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Sen. Girod not worried about recall effort
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Sen. Girod not worried about recall effort

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State Sen. Fred Girod, R-Stayton, talks about the 2021 legislative session from his office in the Capitol in mid-January. Girod, the Senate minority leader, said he's not concerned about a recall attempt led by a fellow Republican after he did not lead a walkout over a recent gun bill.

State Sen. Fred Girod, whose Oregon Senate district stretches into Linn County, says he isn’t too concerned over the recall petition that was filed on Monday by a Molalla resident. The petition states that Girod should lose his Senate seat because he failed to lead his fellow Republicans in walking out of the Oregon Capitol to deny Democrats the quorum they needed to pass a bill banning guns in state buildings.

The senator, who’s held his seat since 2008, is also the Senate minority leader. It falls to him to coordinate Republicans’ efforts in that chamber in order to push the party’s agenda. In a Senate that favors Democrats by an 18-12 margin, that’s no small task.

It’s that math of Senate seats that ultimately led Girod to discourage a walkout, a tactic Republicans used twice in 2019 to deny a 20-member quorum on a tax proposal and a cap-and-trade emissions bill.

“The short version is that I’m in charge of campaigns, and walking out is not very popular in swing districts,” Girod said. “My role as minority leader is to fix the problem we have, which is that there are 18 Democrats and only 12 Republicans.”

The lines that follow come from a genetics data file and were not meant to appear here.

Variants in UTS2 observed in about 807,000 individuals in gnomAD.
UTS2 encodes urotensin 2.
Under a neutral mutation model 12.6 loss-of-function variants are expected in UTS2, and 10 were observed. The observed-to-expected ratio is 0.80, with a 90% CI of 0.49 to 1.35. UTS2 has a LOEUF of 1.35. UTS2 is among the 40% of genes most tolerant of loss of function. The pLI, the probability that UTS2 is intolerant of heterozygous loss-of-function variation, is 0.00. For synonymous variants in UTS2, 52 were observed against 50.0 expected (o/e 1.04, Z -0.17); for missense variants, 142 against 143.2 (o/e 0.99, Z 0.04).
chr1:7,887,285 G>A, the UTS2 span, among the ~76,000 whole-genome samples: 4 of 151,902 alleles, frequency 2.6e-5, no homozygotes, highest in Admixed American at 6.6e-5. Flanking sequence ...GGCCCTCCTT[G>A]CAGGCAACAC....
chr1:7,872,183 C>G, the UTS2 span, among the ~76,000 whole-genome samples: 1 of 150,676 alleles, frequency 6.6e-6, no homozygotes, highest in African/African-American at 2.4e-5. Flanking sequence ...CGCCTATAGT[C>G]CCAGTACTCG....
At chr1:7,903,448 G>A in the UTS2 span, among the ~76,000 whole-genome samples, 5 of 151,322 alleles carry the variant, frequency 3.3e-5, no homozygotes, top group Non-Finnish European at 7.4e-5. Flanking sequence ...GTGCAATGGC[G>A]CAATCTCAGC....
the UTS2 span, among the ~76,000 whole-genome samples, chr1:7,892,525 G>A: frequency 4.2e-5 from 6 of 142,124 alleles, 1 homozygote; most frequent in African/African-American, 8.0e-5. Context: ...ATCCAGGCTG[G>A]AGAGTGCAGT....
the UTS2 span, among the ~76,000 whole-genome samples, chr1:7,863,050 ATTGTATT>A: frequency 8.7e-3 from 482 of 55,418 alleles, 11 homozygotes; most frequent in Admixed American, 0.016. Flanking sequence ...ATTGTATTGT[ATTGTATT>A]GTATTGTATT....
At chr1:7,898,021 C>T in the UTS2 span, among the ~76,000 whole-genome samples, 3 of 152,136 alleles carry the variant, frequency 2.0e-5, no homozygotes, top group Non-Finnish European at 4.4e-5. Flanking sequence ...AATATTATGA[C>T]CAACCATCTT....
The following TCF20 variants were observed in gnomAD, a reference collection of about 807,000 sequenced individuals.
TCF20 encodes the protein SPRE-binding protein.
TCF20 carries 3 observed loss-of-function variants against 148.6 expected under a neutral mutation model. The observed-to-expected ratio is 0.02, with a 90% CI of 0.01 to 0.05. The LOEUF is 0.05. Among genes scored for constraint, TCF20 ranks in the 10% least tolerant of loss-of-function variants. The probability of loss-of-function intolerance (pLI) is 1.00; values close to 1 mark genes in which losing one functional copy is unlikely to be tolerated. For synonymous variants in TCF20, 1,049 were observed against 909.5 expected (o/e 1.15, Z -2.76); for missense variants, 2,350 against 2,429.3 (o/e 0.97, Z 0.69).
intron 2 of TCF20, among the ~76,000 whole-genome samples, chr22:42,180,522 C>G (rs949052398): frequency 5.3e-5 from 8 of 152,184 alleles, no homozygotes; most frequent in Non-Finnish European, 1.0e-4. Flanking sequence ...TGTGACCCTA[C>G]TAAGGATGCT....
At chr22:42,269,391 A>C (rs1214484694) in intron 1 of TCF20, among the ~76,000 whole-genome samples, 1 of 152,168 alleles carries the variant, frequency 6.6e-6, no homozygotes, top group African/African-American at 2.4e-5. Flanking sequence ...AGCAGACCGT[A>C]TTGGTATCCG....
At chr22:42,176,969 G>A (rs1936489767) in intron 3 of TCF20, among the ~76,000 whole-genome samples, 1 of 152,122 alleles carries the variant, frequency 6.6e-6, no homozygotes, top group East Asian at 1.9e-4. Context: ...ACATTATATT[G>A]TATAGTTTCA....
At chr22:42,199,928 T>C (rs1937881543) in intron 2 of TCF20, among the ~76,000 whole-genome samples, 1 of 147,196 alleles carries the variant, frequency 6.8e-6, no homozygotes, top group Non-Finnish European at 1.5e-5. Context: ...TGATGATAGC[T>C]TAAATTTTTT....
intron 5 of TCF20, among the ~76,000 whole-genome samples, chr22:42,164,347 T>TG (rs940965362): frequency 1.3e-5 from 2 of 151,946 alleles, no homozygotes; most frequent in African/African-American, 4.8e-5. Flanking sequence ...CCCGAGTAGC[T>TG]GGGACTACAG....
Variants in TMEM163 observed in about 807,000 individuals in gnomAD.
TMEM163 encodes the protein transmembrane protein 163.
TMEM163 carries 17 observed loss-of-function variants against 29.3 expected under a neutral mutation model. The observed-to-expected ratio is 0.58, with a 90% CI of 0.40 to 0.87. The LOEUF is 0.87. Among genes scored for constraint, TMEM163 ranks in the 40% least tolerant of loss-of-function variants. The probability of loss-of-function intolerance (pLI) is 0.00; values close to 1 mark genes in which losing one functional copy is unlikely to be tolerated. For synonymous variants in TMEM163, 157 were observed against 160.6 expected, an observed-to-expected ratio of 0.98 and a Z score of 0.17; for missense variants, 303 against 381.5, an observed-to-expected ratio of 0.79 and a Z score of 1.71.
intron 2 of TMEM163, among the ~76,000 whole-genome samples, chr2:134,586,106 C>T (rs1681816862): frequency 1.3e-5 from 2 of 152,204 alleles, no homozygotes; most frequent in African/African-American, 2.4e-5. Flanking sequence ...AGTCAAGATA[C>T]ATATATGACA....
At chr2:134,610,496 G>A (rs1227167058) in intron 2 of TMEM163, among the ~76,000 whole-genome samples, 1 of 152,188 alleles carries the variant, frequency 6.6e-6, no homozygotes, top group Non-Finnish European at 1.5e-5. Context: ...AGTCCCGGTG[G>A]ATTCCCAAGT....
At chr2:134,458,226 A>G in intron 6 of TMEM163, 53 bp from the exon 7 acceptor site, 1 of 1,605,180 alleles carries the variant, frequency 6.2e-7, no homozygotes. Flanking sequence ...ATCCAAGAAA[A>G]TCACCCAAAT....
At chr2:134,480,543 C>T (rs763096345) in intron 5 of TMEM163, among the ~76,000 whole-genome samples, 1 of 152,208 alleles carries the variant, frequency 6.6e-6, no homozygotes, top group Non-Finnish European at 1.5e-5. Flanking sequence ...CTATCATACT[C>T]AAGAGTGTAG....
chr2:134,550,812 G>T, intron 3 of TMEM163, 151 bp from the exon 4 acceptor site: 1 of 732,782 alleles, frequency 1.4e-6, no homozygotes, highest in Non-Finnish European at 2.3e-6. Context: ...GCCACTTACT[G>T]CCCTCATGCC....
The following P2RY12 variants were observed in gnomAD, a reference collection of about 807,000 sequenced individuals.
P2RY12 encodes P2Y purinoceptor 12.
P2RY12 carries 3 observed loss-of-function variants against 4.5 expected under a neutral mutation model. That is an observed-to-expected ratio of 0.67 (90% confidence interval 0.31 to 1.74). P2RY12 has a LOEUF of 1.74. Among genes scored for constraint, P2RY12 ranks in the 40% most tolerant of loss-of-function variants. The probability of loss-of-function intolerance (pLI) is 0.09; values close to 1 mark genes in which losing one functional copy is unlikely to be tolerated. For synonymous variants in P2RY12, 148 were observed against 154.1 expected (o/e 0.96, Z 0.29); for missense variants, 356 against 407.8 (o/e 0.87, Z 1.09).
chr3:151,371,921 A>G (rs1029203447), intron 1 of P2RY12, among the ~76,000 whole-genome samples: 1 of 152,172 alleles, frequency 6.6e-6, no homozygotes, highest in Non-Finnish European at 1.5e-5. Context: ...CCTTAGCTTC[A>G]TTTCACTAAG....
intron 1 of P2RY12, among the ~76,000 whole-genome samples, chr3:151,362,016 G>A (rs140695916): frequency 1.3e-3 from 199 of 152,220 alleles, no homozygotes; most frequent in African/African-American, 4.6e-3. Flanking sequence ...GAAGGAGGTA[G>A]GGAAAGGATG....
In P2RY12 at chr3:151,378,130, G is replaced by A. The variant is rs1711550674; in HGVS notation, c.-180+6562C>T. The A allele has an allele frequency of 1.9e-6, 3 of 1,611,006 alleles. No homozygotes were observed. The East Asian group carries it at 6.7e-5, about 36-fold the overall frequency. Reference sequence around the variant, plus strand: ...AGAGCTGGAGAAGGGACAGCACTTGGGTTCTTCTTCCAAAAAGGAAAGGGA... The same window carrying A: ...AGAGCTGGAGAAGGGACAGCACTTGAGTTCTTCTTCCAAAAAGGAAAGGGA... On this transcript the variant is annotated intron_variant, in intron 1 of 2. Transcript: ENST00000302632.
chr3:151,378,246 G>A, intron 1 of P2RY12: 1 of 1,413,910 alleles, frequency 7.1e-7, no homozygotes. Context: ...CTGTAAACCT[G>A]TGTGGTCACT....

Girod said that polling showed the walkouts in May and June 2019 were unpopular with voters in Salem, Gresham, Hood River and some districts along the coast. All of these are considered swing districts, where Republicans cannot rely on a firm majority of voters to keep those seats red. Losing two of these seats would give Democrats a supermajority that would require no Republican senators to meet a quorum.

Girod and five other Republicans chose to show up on the Senate floor to oppose Senate Bill 554, which banned firearms in state buildings. While all of them opposed the legislation, their presence allowed the matter to go to a vote, and their six votes weren’t enough to overcome the unanimous Democratic support.

The other factor that contributed to the decision not to orchestrate another walkout was how long it would have had to be in order to be successful this year. In 2019, there were just weeks left in the legislative session when Senate Republicans walked out, meaning they could more easily weather the storm of having to leave the state and potentially incur fines of $500 per day imposed by Gov. Kate Brown.

A successful walkout this year, with months left in the session, would have required senators to be absent for far longer.

“Could most individuals leave the state for three and a half months?” Girod asked. “Could they leave their homes, their families and their businesses for that long? I don’t think the reality of walking out … was ever a part of the conversation for the people who wanted it.”

Girod says he’s not too concerned with the recall effort.

For one thing, he doesn’t expect the petition to garner the necessary signatures. Roughly 9,000 people within Girod’s district would have to sign in order for the recall question to go to the ballot. Girod won reelection last year, in a three-way race, with nearly 70 percent of the vote.

For another, Girod says he needs to give his attention to the pressing matters affecting his district, which includes Gates, Detroit, Lyons and other communities that were ravaged by the Labor Day wildfires last year. Girod himself lost his Stayton home to the blazes.

“My whole focus right now is to the people of Gates, Detroit and Idanha, Lyons and Mill City,” the senator said. “That’s where my real focus is, on getting those people the money to rebuild.”


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